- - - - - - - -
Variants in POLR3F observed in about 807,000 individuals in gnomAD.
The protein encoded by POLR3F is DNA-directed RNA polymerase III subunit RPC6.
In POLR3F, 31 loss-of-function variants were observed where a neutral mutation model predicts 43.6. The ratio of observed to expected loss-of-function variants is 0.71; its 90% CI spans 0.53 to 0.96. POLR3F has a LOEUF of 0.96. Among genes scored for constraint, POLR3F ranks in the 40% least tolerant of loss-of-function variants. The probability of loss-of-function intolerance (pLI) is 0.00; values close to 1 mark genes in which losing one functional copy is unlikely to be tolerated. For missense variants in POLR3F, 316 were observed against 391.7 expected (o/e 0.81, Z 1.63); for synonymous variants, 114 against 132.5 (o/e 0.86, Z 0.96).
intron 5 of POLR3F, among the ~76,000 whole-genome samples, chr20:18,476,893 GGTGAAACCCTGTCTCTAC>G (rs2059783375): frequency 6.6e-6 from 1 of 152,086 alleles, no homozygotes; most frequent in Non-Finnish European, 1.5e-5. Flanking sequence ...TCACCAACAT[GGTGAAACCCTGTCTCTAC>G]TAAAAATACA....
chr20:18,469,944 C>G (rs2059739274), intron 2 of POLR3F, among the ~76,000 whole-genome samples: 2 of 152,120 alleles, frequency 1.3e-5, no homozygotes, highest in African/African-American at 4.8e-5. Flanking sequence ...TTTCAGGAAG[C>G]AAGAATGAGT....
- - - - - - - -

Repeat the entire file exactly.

Variants in POLR3F observed in about 807,000 individuals in gnomAD.
The protein encoded by POLR3F is DNA-directed RNA polymerase III subunit RPC6.
In POLR3F, 31 loss-of-function variants were observed where a neutral mutation model predicts 43.6. The ratio of observed to expected loss-of-function variants is 0.71; its 90% CI spans 0.53 to 0.96. POLR3F has a LOEUF of 0.96. Among genes scored for constraint, POLR3F ranks in the 40% least tolerant of loss-of-function variants. The probability of loss-of-function intolerance (pLI) is 0.00; values close to 1 mark genes in which losing one functional copy is unlikely to be tolerated. For missense variants in POLR3F, 316 were observed against 391.7 expected (o/e 0.81, Z 1.63); for synonymous variants, 114 against 132.5 (o/e 0.86, Z 0.96).
intron 5 of POLR3F, among the ~76,000 whole-genome samples, chr20:18,476,893 GGTGAAACCCTGTCTCTAC>G (rs2059783375): frequency 6.6e-6 from 1 of 152,086 alleles, no homozygotes; most frequent in Non-Finnish European, 1.5e-5. Flanking sequence ...TCACCAACAT[GGTGAAACCCTGTCTCTAC>G]TAAAAATACA....
chr20:18,469,944 C>G (rs2059739274), intron 2 of POLR3F, among the ~76,000 whole-genome samples: 2 of 152,120 alleles, frequency 1.3e-5, no homozygotes, highest in African/African-American at 4.8e-5. Flanking sequence ...TTTCAGGAAG[C>G]AAGAATGAGT....